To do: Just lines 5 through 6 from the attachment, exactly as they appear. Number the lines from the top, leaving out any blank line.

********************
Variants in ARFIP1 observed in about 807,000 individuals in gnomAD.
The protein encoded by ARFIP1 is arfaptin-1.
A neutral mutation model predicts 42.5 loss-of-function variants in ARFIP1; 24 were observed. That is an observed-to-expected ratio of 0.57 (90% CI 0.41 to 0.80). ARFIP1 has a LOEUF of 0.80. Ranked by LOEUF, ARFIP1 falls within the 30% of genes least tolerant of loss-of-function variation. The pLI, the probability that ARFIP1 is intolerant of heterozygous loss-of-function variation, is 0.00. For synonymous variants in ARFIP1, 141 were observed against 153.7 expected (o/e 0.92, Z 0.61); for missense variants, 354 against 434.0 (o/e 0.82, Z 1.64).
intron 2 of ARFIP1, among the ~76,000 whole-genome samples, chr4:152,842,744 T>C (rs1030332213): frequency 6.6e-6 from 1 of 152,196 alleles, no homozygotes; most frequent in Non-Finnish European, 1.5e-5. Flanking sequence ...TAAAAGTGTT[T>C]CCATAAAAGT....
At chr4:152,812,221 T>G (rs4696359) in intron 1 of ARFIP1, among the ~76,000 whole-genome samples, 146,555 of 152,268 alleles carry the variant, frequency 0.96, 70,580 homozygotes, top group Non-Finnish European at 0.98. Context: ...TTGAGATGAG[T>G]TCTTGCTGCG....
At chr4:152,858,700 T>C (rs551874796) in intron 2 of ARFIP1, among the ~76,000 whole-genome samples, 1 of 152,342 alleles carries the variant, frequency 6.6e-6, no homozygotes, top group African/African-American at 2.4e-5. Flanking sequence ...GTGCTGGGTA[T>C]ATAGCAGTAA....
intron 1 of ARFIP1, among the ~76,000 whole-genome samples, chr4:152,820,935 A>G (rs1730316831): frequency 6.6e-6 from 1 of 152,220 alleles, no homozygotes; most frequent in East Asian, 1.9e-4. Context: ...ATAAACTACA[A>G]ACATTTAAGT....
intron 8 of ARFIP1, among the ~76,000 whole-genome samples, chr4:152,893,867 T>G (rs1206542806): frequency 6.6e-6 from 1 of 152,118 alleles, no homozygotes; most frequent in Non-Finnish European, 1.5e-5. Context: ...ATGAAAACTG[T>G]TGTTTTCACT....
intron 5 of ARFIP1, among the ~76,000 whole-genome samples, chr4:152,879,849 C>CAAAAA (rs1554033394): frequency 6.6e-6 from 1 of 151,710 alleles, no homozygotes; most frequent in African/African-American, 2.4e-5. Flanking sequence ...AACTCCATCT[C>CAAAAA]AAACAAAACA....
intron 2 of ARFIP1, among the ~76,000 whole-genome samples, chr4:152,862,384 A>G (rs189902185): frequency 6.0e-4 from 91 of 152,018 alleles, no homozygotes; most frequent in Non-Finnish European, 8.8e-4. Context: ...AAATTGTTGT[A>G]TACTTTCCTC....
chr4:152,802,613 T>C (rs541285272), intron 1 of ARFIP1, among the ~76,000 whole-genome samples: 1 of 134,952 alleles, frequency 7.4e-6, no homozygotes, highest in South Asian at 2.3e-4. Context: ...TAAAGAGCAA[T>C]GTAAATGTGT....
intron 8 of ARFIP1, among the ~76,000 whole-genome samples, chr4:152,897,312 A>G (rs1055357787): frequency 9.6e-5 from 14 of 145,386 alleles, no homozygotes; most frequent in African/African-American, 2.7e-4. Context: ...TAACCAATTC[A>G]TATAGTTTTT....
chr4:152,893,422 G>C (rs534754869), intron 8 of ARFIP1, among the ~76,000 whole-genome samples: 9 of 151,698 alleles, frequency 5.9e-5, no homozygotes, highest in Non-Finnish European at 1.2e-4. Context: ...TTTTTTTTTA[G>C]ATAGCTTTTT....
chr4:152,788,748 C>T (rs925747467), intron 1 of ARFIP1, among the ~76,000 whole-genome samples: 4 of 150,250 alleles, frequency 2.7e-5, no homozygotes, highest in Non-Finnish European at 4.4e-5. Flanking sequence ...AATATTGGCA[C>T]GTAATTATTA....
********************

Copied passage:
At chr4:152,812,221 T>G (rs4696359) in intron 1 of ARFIP1, among the ~76,000 whole-genome samples, 146,555 of 152,268 alleles carry the variant, frequency 0.96, 70,580 homozygotes, top group Non-Finnish European at 0.98. Context: ...TTGAGATGAG[T>G]TCTTGCTGCG....
At chr4:152,858,700 T>C (rs551874796) in intron 2 of ARFIP1, among the ~76,000 whole-genome samples, 1 of 152,342 alleles carries the variant, frequency 6.6e-6, no homozygotes, top group African/African-American at 2.4e-5. Flanking sequence ...GTGCTGGGTA[T>C]ATAGCAGTAA....